Chi Rho Reflection for the Week of February 27, 2011
- Chi Rho Reflection for the Week of February 27, 2011
As one of the on-going ministries of Chi Rho Press,
here is a selection from our book of daily devotions,
"Living as the Beloved: One Day at a Time," by the
Rev. Dr. Sandra Bochonok.
Please read the Scripture passage and Dr. Bochonok's
meditation. We hope you will be blessed.
Thank you for forwarding this to your friends.
Who am I?
"Then Jesus said to him, 'What do you want me to do
for you?' The blind man said to him, 'My teacher,
let me see again.'"
The major difference between journal writing and
keeping a diary is that a diary only records the
daily events in our life. A journal may begin there,
but in it is a record of much more. In journals,
writers record how those events affect them. Journal
writing helps us sort through feelings about daily
life, our relationships, and the events in the world
around us. Journals help us to talk with ourselves.
Journals reflect back to us, in ink or pencil, what
we see, what our minds think and our hearts feel.
Anne Broyles suggests journal writing is greatly
helped by asking the following questions, "Who am I?
What am I doing and why? How do I feel about my life
and my world? In what ways am I changing or growing?"
(Broyles, Anne. "Journaling. A Spirit Journey," p.
Many people find this kind of writing a helpful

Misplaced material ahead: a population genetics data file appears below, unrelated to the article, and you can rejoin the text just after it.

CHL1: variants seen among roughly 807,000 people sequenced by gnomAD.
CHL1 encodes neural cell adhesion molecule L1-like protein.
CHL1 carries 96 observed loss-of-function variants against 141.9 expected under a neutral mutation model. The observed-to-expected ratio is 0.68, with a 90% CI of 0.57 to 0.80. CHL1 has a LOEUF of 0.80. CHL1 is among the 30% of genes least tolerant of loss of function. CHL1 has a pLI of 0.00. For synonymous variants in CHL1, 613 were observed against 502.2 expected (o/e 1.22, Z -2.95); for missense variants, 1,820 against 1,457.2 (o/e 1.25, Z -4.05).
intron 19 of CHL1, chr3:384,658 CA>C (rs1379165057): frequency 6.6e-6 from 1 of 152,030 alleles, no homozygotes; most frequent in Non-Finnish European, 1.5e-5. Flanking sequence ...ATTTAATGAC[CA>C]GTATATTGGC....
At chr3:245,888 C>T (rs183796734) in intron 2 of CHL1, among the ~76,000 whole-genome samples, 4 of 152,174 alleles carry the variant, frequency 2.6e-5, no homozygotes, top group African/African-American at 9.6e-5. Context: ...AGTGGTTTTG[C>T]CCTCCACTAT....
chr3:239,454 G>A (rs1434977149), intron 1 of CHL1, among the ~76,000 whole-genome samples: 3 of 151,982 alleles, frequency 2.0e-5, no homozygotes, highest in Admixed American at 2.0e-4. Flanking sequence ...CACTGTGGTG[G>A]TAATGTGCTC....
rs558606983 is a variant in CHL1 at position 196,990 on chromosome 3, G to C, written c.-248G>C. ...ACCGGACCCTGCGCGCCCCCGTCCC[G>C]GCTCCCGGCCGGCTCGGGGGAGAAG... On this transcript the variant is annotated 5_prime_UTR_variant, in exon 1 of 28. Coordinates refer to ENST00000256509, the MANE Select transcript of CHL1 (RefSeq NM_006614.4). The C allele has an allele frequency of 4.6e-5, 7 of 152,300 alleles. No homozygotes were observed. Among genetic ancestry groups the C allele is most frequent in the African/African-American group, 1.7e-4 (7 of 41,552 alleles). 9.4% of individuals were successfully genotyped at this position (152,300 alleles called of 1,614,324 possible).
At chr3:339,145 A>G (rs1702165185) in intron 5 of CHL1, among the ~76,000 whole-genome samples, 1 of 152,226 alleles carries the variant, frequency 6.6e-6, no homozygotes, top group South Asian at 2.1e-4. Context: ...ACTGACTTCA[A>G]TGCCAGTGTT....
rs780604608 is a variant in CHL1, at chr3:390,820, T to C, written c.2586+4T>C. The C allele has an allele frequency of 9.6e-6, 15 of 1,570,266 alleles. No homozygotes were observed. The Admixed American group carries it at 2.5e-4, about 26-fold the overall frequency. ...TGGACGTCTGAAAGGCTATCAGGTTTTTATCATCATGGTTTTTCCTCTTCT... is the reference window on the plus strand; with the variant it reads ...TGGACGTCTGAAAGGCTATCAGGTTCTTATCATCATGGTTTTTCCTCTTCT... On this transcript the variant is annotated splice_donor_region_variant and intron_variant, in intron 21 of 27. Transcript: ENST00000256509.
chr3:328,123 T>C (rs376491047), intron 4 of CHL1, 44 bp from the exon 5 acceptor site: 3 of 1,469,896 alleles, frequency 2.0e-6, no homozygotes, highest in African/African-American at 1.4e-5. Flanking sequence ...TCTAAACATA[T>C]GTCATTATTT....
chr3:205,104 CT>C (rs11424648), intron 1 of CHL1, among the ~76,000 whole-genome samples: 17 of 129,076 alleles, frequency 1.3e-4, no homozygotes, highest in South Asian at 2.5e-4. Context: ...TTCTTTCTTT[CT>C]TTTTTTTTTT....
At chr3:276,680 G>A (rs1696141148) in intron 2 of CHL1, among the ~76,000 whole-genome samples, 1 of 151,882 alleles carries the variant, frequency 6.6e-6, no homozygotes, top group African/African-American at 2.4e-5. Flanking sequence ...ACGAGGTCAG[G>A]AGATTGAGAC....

spiritual discipline. Sacred writings from different
religious traditions can be a powerful starting
place. Other writers respond to personal meditation
walks or are inspired to write after a time of silence.
We can jot down daily events and reflect more deeply.
Many people have found keeping a gratitude journal a
profound life changing and empowering discipline.
This kind of journal can be a simple list, made at
the end of the day, of several things that we are
grateful for. We can give thanks for experiences as
simple as breathing, seeing, hearing, and tasting, a
kind touch, a gentle breeze, and a moment of rest.
Imagine how impoverished we would be if our favorite
spiritual writers did not journal their struggles,
prayers, inner reflections, and outward lives. We
are likewise impoverished when we do not journal our
own. After all, "every life has a story" (Biography
magazine's motto). Story telling helps us figure out
who we are and whose we are.
God, who am I? What am I doing and why? How am I
changing or growing? Amen.
Grace and peace,
Chi Rho Press
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